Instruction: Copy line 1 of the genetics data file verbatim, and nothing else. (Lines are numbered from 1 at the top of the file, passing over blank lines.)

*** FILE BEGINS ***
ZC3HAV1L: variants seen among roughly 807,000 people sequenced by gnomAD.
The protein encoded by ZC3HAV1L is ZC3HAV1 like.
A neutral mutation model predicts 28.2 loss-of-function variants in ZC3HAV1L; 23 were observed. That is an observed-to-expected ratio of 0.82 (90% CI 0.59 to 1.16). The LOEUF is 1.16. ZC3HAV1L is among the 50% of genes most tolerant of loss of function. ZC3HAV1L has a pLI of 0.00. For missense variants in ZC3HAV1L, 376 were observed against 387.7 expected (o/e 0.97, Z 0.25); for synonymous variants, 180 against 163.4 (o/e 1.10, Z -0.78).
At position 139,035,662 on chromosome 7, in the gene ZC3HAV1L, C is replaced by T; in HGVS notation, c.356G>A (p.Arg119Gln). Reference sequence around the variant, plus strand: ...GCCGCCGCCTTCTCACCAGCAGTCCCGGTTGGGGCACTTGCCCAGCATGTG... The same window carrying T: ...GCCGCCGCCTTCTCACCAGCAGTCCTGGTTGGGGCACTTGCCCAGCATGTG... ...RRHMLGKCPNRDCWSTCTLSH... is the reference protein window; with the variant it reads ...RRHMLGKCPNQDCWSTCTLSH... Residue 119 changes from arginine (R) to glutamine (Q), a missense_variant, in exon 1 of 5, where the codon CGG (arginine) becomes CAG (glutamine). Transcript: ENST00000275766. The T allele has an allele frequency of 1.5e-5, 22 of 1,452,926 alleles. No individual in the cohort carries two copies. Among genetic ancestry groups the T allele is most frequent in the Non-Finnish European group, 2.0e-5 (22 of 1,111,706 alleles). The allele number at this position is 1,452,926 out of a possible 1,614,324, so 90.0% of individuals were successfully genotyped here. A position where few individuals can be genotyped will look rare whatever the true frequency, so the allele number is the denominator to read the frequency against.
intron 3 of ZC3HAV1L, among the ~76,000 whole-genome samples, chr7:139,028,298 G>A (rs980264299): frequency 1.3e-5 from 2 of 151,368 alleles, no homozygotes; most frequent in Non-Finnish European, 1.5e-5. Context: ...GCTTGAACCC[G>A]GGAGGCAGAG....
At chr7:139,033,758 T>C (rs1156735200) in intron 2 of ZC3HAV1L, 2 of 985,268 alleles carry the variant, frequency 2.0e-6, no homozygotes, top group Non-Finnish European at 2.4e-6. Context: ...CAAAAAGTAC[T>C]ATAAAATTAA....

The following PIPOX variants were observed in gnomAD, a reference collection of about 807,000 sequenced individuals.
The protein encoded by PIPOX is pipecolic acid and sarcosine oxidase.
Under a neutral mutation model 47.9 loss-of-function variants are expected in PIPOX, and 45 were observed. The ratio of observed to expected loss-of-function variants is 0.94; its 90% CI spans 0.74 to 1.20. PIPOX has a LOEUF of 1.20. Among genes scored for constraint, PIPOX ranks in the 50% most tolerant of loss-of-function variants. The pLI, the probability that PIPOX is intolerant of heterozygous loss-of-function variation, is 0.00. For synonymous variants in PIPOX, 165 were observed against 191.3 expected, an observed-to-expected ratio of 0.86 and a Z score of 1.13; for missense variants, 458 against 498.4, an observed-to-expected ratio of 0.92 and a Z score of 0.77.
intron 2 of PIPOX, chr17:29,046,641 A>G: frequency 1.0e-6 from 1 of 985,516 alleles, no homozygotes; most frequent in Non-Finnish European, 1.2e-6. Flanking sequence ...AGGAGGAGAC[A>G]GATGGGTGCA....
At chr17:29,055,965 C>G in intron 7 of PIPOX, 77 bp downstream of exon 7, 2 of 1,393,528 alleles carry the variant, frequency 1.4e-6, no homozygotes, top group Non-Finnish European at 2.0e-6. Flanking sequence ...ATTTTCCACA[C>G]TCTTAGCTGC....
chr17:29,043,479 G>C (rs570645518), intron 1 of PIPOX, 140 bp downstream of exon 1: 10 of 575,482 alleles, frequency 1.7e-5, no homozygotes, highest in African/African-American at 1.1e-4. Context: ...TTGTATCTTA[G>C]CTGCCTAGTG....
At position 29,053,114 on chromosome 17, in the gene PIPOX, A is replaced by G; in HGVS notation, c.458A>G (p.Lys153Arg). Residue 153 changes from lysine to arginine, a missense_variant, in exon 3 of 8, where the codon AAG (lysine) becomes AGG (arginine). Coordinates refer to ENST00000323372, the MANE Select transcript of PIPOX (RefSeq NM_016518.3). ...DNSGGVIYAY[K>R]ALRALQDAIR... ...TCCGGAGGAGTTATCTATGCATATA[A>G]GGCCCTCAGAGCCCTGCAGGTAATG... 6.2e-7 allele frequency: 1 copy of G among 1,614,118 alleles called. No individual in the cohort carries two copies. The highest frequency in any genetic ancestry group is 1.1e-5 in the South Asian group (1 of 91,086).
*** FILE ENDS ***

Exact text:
ZC3HAV1L: variants seen among roughly 807,000 people sequenced by gnomAD.